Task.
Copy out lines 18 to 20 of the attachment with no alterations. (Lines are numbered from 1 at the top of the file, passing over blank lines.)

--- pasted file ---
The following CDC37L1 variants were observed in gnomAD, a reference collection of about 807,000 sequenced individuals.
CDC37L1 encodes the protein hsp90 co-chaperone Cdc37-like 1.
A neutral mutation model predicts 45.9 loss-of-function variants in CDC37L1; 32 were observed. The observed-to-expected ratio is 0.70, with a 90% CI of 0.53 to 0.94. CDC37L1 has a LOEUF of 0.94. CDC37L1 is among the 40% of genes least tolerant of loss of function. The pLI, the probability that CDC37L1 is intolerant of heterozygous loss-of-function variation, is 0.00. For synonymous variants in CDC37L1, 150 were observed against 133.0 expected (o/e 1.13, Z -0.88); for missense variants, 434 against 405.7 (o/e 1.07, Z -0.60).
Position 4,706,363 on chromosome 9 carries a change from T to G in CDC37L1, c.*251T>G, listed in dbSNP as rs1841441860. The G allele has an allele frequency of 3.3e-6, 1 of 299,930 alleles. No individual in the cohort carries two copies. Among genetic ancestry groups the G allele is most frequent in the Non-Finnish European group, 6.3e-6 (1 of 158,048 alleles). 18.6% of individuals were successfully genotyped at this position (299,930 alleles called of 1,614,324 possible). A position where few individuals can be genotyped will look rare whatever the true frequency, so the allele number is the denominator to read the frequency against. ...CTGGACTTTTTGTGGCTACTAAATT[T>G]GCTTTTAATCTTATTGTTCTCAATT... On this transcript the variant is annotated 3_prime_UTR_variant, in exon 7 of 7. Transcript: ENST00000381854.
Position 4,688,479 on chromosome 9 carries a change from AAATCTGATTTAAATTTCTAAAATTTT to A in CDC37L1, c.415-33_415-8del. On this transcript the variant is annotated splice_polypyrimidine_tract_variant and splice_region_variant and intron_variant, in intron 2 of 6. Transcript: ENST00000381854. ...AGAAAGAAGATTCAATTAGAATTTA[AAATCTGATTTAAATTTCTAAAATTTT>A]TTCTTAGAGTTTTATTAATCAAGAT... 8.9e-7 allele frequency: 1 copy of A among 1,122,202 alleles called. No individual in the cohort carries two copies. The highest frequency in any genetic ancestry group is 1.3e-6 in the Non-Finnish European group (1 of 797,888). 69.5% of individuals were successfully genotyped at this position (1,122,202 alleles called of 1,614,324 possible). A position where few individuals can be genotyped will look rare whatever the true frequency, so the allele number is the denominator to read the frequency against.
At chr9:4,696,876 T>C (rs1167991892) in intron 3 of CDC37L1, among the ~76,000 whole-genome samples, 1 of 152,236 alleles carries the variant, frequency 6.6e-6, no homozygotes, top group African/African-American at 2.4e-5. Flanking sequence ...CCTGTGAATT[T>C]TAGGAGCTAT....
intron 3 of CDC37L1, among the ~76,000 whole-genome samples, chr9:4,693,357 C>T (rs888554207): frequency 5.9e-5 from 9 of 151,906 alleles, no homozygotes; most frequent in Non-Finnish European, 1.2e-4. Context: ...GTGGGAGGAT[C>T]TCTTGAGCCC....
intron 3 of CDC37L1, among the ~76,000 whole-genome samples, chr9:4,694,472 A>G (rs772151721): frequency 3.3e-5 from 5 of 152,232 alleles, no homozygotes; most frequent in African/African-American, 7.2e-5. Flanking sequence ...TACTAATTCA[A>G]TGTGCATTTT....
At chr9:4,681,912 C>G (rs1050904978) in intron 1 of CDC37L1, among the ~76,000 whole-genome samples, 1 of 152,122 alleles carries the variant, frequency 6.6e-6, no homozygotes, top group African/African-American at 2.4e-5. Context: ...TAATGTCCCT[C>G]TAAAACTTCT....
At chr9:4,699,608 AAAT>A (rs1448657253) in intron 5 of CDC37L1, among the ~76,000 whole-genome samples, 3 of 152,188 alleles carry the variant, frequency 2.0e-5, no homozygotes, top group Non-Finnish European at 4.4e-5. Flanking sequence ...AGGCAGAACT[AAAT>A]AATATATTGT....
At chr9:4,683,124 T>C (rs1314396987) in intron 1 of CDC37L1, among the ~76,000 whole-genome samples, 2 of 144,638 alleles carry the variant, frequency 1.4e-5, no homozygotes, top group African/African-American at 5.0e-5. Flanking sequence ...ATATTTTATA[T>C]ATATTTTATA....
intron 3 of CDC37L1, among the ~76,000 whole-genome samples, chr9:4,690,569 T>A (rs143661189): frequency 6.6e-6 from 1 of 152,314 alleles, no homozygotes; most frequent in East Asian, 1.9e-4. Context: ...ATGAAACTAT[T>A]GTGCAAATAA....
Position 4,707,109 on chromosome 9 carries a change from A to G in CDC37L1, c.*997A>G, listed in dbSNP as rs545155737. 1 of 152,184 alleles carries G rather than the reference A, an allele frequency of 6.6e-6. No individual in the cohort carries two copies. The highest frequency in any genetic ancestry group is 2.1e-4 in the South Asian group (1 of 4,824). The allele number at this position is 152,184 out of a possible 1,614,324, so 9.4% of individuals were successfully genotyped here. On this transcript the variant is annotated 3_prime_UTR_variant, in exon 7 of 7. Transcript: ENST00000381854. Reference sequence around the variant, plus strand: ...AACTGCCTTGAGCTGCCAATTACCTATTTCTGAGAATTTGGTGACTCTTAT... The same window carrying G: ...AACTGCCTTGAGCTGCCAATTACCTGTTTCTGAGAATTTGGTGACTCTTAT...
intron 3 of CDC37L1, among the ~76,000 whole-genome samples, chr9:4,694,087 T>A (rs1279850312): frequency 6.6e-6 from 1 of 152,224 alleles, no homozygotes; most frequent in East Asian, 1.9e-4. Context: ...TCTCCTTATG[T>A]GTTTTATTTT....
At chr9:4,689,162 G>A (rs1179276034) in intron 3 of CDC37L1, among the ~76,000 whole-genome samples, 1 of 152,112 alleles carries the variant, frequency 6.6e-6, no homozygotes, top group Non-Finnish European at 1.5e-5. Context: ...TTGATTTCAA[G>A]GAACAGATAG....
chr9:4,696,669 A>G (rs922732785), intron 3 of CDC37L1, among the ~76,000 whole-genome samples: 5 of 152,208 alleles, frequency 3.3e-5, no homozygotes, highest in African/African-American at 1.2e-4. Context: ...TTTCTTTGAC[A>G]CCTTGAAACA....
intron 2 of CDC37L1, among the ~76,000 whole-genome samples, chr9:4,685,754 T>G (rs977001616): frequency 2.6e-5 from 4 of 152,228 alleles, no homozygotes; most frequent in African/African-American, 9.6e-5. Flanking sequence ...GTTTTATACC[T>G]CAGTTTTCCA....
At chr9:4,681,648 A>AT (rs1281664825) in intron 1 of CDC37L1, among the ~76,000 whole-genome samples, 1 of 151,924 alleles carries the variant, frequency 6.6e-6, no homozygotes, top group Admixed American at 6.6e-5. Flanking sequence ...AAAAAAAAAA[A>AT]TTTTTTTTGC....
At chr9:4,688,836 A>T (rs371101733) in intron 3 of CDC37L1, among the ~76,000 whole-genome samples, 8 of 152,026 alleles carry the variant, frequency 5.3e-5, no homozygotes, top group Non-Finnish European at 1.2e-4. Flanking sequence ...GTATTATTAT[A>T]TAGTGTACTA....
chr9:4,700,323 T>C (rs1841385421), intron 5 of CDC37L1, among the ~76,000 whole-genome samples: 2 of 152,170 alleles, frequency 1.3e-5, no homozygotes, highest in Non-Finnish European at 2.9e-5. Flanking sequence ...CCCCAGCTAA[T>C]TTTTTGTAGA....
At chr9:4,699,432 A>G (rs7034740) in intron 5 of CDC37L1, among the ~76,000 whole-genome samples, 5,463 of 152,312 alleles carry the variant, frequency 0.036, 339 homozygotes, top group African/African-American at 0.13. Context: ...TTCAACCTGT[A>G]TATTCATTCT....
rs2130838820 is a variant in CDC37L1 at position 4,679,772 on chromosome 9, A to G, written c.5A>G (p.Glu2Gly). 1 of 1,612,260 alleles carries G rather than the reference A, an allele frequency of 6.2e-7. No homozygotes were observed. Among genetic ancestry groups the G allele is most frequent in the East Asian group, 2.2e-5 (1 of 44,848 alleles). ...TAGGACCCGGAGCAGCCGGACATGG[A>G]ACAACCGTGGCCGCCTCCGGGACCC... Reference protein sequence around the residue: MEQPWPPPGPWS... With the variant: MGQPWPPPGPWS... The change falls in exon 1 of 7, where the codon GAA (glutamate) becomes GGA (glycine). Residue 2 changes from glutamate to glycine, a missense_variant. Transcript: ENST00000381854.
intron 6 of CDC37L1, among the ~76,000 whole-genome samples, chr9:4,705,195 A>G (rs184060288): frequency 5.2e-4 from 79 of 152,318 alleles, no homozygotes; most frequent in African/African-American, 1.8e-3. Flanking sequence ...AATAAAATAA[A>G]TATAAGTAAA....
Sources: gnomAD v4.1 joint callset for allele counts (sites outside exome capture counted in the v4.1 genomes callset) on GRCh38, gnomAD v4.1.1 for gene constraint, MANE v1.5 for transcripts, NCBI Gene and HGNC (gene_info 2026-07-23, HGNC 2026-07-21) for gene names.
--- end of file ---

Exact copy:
At chr9:4,681,648 A>AT (rs1281664825) in intron 1 of CDC37L1, among the ~76,000 whole-genome samples, 1 of 151,924 alleles carries the variant, frequency 6.6e-6, no homozygotes, top group Admixed American at 6.6e-5. Flanking sequence ...AAAAAAAAAA[A>AT]TTTTTTTTGC....
At chr9:4,688,836 A>T (rs371101733) in intron 3 of CDC37L1, among the ~76,000 whole-genome samples, 8 of 152,026 alleles carry the variant, frequency 5.3e-5, no homozygotes, top group Non-Finnish European at 1.2e-4. Flanking sequence ...GTATTATTAT[A>T]TAGTGTACTA....
chr9:4,700,323 T>C (rs1841385421), intron 5 of CDC37L1, among the ~76,000 whole-genome samples: 2 of 152,170 alleles, frequency 1.3e-5, no homozygotes, highest in Non-Finnish European at 2.9e-5. Flanking sequence ...CCCCAGCTAA[T>C]TTTTTGTAGA....